^Really….? News flash: there’s no such THING as a “safe” neighborhood. Look at all those ScArY map pins on that boogeyman app won’t prevent squat! It’s not a forecast or a “known” landmine map for a potential safety threat.

    All it does is give the illusion of control and the illusion of normalcy over a child’s safety! It’s a shameful gimmick politicians employ to garner votes from worrywart parents.

    Actually, it’s the houses that DON’T have maps pins that should warrant concern.

    • TS

      His hazard statement carries no weight because he didn’t state what hazards are created and how they are assessed to be hazards initially. Past action isn’t necessarily indicative of future action. Must assess the situation first to determine hazards. He knows that because he hopefully did that on the job while assessing situations he was involved in. If he doesn’t assess these hazards of the neighborhood, then he’s just spouting off to hear himself speak and try to influence people with his badge.

  5. mike r

    Good I hope all these damn registries backfire on them. They are suing them to find others who have or use drugs. Love it. Put some gang bangers on there too so that they can all find each other. This country is going to have major issues violating the constitution by registering individuals like a car or cattle. It isn’t right and it goes against what this country was founded on.

  6. Timothy DA Lawver

    The two parties are made very nervous by the advent of social media. Does it not strike users of this site ODD the the USA has only two D&R. Social media is a serious threat to the two parties.
    1. The development of a new party is made very viable and likely.
    2. A third party, and/or forth would force he first two to concede some of the power and money derived from the US tax pie.
    3. A canon/ agenda developed by a alternate new party may seriously dilute both D&R’s membership numbers.
    4. Viable and active alternate parties would seriously dilute the establishment’s
    ability to gerrymander.
    5. In an America with multiparty landscape will siphon campaign donations from the established parties, forcing the big money extremists that thrive in the current landscape to the margins.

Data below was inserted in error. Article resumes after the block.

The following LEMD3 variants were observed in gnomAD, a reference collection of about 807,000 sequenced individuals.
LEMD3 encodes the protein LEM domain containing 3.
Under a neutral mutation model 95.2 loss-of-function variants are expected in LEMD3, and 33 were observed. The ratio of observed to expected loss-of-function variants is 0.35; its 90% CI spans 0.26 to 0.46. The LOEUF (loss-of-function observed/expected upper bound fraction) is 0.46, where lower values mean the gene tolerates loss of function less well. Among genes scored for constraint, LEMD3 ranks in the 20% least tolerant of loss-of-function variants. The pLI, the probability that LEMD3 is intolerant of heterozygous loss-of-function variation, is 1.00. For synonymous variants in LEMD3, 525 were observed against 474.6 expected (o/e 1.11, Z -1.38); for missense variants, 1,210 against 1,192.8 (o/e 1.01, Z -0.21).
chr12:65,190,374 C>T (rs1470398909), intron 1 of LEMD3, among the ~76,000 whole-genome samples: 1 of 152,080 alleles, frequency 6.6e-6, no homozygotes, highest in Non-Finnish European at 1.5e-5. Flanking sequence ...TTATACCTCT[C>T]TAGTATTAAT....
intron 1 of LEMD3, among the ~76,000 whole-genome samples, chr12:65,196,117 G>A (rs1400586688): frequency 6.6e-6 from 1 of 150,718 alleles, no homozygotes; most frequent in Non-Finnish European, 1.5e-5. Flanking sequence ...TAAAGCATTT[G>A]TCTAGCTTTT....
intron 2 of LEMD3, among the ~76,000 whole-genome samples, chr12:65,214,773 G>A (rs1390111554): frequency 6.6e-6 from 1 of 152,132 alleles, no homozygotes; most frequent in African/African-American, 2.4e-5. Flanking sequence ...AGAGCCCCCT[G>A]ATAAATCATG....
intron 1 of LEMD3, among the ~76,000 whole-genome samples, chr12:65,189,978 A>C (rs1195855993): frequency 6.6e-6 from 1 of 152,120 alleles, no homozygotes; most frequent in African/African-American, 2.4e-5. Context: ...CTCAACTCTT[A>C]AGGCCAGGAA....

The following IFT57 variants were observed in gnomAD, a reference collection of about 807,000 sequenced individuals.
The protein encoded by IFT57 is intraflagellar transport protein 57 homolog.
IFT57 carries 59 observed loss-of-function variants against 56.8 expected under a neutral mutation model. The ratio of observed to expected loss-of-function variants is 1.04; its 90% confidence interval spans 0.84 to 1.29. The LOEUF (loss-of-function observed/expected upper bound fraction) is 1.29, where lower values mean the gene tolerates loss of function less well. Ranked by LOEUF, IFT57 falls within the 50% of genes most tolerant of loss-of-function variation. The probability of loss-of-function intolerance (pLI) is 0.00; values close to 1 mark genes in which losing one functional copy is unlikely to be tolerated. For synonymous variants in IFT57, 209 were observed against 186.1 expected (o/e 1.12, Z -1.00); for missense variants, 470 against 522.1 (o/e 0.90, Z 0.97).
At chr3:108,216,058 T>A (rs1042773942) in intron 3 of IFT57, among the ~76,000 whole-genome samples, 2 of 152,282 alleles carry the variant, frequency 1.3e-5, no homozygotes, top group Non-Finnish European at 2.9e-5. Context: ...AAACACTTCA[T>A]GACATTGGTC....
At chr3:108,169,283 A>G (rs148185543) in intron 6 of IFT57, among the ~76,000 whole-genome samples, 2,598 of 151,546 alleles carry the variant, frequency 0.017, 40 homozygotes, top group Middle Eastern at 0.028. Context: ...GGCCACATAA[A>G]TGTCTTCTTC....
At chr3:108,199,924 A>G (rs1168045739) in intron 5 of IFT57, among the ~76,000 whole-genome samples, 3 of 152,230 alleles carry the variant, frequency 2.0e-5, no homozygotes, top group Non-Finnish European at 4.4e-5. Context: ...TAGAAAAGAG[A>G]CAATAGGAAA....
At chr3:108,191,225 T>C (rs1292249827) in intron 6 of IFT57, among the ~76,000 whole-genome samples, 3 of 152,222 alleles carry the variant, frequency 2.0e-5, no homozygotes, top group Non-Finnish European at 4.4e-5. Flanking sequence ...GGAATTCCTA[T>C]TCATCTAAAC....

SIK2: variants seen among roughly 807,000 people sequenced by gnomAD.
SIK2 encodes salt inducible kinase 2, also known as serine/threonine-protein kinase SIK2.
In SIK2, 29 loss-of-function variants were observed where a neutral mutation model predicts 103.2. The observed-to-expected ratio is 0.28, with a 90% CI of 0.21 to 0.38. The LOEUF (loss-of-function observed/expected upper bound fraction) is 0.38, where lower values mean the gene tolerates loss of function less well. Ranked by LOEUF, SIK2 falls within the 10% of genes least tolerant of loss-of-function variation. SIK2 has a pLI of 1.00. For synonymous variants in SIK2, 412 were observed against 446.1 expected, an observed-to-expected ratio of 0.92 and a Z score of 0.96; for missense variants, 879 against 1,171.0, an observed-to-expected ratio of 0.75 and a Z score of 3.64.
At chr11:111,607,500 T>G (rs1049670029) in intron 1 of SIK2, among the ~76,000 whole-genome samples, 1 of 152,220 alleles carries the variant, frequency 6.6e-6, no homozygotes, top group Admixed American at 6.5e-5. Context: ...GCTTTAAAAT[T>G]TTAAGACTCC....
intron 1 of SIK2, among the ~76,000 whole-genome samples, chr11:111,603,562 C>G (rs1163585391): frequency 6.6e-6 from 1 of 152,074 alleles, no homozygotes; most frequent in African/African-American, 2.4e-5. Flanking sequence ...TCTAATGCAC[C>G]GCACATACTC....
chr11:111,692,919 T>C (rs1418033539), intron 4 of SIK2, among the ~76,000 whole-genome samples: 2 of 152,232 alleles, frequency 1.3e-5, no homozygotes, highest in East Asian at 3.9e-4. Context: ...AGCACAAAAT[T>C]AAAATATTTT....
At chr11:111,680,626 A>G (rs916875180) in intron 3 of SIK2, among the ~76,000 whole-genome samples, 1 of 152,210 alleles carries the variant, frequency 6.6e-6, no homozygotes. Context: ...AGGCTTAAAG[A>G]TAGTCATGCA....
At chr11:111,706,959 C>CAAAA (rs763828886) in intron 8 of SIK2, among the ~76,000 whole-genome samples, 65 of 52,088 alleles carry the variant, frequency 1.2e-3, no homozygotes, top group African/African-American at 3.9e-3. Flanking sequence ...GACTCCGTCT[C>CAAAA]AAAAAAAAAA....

6. Active alternate parties would also decrease the likelihood that back room deals could be struck outside of the public’s awareness.

    With God’s speed may this come to pass.

  7. Registries for all! 😡

    “The agency wants to delete nearly a quarter of the public registry — the more than 4,500 people on it convicted of drug offenses — and in doing so, prevent dozens per year from landing back in prison for violating Kansas’ long and involved list of registry rules.

    “Fifteen years is a long time,” Schultz said. “We are already penalizing these individuals.” ”

    Oh, but 15 years isn’t long enough for ex-sex offenders …… those with recidivism rates far lower than the other registrant crimes???

    Nope, make EVERYONE’s criminal backgrounds easily available online WITH requirements to REGISTER and WITH criminal punishments if they don’t. I want to see jay-walkers, sidewalk spitters, DUI drivers, B & E, petty thieves …… I want to be able to see EVERYONE’S crimes… forever!!!  And I want to see everyone who ever f#ks up get punished FOREVER – just like us!!!

    Only when everyone has a son, brother, uncle, friend or neighbor on the Registries will we start getting broader public support for elimination of Registries.
    Until then, we can win our lawsuits (if we’re very lucky), but legislatures will simply recreate the Registries, narrowly skirting any judicial rulings. 😡

  8. JoeHillsGhost

    So people in Kansas use the registry to try and find drug dealers? Maybe they should start a retail establishment registry to boost economic activity in the state.